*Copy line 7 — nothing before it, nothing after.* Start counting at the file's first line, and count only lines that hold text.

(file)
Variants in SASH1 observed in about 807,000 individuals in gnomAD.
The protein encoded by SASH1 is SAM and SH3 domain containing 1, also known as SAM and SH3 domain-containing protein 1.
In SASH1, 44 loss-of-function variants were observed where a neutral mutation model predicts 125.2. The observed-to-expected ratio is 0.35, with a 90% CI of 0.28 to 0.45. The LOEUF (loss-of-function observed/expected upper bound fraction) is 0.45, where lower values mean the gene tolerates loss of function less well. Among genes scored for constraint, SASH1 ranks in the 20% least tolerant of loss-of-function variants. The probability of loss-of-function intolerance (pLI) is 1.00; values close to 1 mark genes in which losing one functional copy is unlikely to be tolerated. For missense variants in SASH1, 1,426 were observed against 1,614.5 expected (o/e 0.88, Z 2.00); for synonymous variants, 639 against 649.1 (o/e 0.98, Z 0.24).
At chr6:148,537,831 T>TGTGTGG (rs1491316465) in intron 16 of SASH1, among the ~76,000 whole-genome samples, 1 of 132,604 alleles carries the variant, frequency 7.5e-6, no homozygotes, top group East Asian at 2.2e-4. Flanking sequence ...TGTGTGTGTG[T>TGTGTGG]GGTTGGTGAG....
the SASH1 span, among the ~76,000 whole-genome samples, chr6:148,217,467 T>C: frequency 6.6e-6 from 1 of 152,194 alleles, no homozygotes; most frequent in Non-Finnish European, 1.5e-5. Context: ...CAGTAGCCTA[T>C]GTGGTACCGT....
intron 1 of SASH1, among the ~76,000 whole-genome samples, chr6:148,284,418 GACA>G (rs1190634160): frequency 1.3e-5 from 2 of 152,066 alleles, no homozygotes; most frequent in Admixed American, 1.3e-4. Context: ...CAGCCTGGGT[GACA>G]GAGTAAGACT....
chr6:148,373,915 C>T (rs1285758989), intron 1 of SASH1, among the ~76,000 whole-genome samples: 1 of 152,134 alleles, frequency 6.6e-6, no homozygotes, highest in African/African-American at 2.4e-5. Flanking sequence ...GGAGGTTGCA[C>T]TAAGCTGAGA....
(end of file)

chr6:148,373,915 C>T (rs1285758989), intron 1 of SASH1, among the ~76,000 whole-genome samples: 1 of 152,134 alleles, frequency 6.6e-6, no homozygotes, highest in African/African-American at 2.4e-5. Flanking sequence ...GGAGGTTGCA[C>T]TAAGCTGAGA....